Chacel, Rosa


Chacel, Rosa
b. 1898, Valladolid; d. 1994, Madrid
   Writer
   Rosa Chacel was proud of having been born in 1898, as she liked to associate herself with the iconoclastic spirit of the "Generation of 1898". Chacel's education, life and career, however, were very different from those of the 1898 writers, all of whom were male, although she was fortunate that her parents recognized and encouraged her artistic talents. Chacel spent her first ten years in Valladolid where, owing to a sickly constitution, she was home tutored. After the family moved to Madrid in 1908, she studied art, first in the School of Arts and Crafts (Escuela de Artes y Oficios) (1910) and then in the School of Fine Arts (Escuela de Bellas Artes de San Fernando) (1915). Chacel also frequented the Ateneo and Ramón Gómez de la Serna's vanguard enclave at Café de Pombo. Her fiction is frequently associated with vanguardism, but though she flirted with vanguard linguistic virtuosity in the 1920s and 1930s, she found a unique voice in exile after the Spanish Civil War (1936–9). Her mature style carries traces of vanguardism but it also incorporates the psychological depth and introspection we associate with high modernism.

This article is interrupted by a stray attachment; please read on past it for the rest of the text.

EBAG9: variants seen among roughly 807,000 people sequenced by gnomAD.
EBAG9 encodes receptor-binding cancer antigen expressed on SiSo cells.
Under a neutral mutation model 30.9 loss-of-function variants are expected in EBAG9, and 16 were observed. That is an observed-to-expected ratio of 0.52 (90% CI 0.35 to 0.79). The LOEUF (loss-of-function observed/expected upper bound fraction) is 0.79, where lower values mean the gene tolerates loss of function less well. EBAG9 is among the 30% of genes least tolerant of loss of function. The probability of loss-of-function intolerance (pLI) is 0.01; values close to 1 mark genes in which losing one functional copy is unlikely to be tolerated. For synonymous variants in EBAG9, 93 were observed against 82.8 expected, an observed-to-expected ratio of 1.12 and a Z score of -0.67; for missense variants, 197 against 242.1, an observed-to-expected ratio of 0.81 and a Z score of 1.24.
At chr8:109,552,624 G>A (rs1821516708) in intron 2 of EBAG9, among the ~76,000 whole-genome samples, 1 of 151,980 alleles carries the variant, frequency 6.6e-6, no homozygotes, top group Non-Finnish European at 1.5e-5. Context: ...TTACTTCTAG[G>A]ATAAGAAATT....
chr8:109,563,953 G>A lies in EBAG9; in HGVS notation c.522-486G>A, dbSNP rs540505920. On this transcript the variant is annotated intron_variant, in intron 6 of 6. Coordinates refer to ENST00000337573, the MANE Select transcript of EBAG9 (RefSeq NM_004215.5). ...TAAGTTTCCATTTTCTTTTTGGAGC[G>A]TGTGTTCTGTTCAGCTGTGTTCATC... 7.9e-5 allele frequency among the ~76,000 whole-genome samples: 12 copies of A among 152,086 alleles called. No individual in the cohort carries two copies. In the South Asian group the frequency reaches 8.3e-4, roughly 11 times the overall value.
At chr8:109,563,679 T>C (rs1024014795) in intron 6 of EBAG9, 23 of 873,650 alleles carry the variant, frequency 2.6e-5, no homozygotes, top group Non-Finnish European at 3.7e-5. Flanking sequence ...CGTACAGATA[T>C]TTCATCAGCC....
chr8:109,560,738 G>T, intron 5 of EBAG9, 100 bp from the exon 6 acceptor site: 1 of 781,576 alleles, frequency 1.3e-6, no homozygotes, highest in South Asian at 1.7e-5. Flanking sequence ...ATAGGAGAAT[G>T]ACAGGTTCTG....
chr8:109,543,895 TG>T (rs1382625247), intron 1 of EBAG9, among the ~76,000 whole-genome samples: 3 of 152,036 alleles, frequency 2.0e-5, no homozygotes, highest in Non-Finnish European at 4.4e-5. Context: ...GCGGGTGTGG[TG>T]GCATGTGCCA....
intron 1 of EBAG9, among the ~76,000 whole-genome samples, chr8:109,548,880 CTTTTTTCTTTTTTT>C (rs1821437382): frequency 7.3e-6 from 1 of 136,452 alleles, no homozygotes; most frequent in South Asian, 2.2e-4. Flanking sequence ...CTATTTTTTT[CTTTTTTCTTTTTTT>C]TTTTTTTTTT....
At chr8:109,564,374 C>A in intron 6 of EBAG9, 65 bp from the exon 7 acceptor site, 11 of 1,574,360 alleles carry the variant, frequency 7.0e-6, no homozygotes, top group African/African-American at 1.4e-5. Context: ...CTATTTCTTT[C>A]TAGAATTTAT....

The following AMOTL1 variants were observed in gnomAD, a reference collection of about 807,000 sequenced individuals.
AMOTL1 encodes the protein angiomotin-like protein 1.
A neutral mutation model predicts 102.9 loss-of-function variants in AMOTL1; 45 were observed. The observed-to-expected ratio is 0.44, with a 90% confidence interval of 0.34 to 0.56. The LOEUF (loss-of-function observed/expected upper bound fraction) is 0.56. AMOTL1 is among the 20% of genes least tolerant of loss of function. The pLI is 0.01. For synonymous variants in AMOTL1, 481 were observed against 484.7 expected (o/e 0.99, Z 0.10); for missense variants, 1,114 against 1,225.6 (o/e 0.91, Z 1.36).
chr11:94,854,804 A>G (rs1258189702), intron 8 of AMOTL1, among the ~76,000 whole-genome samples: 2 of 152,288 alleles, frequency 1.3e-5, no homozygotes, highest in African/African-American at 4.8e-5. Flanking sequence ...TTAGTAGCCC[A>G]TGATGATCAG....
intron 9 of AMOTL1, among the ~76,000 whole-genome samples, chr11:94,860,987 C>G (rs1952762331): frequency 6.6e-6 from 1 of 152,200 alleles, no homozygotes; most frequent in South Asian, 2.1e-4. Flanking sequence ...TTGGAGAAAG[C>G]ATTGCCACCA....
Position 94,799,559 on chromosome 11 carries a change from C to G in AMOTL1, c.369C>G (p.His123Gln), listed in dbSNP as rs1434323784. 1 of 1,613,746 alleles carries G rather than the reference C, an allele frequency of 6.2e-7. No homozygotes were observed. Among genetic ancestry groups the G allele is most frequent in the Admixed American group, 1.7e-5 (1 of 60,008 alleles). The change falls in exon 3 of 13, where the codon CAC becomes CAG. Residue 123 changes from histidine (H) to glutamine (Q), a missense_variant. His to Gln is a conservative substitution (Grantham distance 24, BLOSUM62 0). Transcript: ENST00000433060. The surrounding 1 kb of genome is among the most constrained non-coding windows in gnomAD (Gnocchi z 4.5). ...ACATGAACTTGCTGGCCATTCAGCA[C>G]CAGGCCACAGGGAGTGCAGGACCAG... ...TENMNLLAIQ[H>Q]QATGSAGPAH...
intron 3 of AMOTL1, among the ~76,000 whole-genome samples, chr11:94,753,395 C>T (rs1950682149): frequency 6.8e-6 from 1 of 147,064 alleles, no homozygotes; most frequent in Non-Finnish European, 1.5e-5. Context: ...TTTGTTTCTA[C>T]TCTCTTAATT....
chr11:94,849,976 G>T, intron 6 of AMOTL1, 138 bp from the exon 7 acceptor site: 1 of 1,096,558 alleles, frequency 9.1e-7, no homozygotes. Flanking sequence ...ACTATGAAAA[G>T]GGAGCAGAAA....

In 1921 Chacel married the painter Timoteo Pérez Rubio and accompanied him to Rome where he had a scholarship at the School of Art. During her stay in Rome (1922–7), Chacel devoted herself to reading José Ortega y Gasset, James Joyce, and Marcel Proust, among many others. She also travelled, especially to the culturally avant-garde Paris. Towards the end of the Roman period, Chacel abandoned her earlier inclinations towards the plastic arts and found her vocation in fiction writing. In Rome she wrote her first novel Estación. May vuelta (Round Trip Station) (published 1930). Chacel claims it was written under the influence of Ortega's philosophy, and it is the most avant-garde of her novels. Loosely modelled on A Portrait of the Artist as a Young Man, which made a great impact on Chacel when she read it in the early 1920s, the novel narrates the vicissitudes of a young man's relationships with two women and his coming into consciousness of his artistic vocation. More than a narrative, it is a series of moments in which the protagonist's consciousness is revealed. Once re-established in Madrid in 1927, Chacel collaborated in the Revista de Occidente and other journals, where she demonstrated a philosophical sophistication equal to that of contemporary male intellectuals, with essays like her response to Georg Simmel's ideas on love, "Esquema de los problemas practices y actuales del amor" (Outline of the Current Practical Problems of Love) (31 (1931): 129–80). Between 1940 and 1950, Chacel divided her time between Rio de Janeiro, where her husband worked, and Buenos Aires, where her son Carlos attended school. She published articles in prestigious Latin American journals, such as Sur, but her artistic production slowed.